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Resistance Exercise vs. Aerobic Exercise for Type 2 Diabetes: Which is Better?

When it comes to managing type 2 diabetes, exercise plays a crucial role in improving glycemic control, reducing cardiovascular risk, and enhancing overall health. Both resistance exercise, which involves activities like weightlifting, and aerobic exercise, such as jogging or swimming, have been recommended as effective forms of physical activity for individuals with type 2 diabetes. However, a recent systematic review and meta-analysis sought to determine if one type of exercise is superior to the other in terms of effectiveness and safety.

The study, conducted by Zuyao Yang and colleagues, analyzed data from twelve randomized controlled trials involving a total of 626 participants with type 2 diabetes. The trials compared the effects of resistance exercise and aerobic exercise over a duration of at least eight weeks. Various parameters were evaluated, including glycemic control, blood lipids, anthropometric measures, blood pressure, fitness levels, health status, and adverse events.

The findings revealed that aerobic exercise led to a greater reduction in glycosylated hemoglobin (HbA1c) compared to resistance exercise. However, this difference became statistically insignificant when sensitivity analysis was conducted. Other notable differences between the two types of exercise included changes in body mass index, peak oxygen consumption, and maximum heart rate, all of which favoured aerobic exercise.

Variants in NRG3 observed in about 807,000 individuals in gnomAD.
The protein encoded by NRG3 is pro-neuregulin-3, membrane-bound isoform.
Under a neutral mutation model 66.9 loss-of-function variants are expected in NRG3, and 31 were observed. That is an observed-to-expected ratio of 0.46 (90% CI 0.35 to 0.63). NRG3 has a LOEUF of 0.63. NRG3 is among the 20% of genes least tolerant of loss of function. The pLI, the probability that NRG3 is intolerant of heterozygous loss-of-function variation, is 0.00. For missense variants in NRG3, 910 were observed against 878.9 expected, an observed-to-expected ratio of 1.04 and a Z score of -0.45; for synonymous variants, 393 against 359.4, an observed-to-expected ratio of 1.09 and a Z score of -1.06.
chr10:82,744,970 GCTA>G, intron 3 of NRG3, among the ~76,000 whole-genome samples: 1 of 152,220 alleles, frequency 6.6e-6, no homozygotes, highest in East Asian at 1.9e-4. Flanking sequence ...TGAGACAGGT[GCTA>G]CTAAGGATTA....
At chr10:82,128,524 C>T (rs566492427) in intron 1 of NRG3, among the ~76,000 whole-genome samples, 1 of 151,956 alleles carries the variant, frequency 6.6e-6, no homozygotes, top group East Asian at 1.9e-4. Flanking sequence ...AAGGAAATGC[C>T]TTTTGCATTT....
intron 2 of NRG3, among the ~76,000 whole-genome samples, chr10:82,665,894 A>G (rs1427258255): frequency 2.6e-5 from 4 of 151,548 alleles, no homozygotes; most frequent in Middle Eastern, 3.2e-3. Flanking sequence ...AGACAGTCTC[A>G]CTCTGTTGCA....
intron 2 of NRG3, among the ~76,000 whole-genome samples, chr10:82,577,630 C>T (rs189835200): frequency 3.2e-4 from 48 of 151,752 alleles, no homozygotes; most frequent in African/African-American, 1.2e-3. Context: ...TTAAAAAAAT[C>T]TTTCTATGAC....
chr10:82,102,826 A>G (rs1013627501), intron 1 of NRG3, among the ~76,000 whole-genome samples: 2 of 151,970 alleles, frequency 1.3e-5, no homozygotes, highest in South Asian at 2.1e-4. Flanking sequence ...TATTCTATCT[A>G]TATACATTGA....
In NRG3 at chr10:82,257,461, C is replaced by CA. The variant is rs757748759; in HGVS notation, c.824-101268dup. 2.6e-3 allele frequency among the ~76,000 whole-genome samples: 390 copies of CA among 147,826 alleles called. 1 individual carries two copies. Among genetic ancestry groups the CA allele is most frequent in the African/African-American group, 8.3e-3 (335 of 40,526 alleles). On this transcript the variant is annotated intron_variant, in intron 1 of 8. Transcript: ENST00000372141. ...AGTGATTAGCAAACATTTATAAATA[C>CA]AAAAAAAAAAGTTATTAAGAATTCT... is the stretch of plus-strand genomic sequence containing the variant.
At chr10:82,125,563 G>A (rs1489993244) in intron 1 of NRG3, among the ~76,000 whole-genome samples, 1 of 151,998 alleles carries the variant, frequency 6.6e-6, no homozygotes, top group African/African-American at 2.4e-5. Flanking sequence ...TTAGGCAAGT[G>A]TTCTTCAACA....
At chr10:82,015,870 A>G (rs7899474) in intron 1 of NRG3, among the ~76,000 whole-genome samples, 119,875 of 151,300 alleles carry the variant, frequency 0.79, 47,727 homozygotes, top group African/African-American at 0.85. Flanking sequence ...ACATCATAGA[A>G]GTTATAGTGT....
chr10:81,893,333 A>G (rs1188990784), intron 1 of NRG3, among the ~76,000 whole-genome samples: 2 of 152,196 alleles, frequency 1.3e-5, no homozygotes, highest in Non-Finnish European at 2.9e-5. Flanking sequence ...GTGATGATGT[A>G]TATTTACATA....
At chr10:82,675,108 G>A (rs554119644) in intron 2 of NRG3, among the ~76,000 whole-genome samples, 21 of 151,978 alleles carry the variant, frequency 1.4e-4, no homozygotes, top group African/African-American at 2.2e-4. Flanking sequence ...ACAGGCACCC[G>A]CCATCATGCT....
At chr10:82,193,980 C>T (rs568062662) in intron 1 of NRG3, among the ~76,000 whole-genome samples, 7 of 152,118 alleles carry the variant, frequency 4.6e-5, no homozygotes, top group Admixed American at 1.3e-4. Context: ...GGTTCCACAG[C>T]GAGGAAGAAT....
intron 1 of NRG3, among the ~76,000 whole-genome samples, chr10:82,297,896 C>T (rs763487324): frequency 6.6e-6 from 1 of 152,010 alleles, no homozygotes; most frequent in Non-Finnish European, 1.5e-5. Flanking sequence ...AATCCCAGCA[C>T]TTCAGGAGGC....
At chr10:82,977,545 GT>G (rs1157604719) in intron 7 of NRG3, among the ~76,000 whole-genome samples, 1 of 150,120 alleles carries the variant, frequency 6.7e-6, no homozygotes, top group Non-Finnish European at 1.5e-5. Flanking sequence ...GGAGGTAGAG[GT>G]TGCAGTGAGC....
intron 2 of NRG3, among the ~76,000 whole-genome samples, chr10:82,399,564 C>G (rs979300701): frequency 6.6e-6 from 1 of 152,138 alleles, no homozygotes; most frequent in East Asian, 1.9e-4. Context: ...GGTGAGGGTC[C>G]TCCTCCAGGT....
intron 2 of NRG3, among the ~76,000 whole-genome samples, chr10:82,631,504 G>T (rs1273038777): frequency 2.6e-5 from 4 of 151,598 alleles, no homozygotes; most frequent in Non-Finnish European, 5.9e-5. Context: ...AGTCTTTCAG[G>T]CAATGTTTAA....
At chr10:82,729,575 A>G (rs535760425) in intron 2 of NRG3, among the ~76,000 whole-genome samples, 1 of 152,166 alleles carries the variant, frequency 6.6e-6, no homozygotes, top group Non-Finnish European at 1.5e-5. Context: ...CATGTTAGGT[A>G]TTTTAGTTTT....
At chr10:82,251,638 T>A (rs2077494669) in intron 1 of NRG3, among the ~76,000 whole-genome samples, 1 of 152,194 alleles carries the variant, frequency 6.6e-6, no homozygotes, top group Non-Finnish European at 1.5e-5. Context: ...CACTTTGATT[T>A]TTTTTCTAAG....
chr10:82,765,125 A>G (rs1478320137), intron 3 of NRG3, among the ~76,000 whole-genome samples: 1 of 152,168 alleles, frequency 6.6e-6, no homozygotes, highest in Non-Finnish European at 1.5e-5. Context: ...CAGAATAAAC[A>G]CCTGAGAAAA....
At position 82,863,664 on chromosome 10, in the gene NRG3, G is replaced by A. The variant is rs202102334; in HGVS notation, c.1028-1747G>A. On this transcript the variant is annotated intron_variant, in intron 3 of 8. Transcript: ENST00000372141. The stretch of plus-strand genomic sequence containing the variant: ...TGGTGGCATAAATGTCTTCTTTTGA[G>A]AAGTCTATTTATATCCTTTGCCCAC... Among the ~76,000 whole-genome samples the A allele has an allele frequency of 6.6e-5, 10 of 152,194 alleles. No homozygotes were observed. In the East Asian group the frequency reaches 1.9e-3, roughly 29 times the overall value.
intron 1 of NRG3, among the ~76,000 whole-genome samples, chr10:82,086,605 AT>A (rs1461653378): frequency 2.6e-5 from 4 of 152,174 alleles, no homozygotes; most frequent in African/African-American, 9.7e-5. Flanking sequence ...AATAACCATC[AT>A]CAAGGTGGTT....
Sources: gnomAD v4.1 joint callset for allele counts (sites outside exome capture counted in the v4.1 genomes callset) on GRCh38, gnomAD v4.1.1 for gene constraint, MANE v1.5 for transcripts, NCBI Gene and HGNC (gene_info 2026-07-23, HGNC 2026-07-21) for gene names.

Importantly, the study found no evidence to suggest that one form of exercise was superior to the other in terms of cardiovascular risk markers or safety. The relative risks for adverse events and serious adverse events were comparable between the resistance exercise and aerobic exercise groups.

Despite statistically significant differences in certain measures, the study concluded that these variations were not clinically significant. The researchers emphasized that the most important aspect is engaging in some form of physical activity rather than favouring one specific type of exercise over the other. Moreover, they highlighted the need for long-term studies focusing on outcomes that are relevant to patients with type 2 diabetes.

This systematic review and meta-analysis suggest that both resistance exercise and aerobic exercise are effective and safe for individuals with type 2 diabetes. While certain differences in outcomes were observed, they are not considered clinically significant. Therefore, individuals with type 2 diabetes should prioritize engaging in regular physical activity, regardless of the type, to achieve optimal health outcomes.

References: Yang Z, Scott CA, Mao C, Tang J, Farmer AJ. Resistance exercise versus aerobic exercise for type 2 diabetes: a systematic review and meta-analysis. Sports Med. 2014 Apr;44(4):487-99. doi: 10.1007/s40279-013-0128-8. PMID: 24297743.

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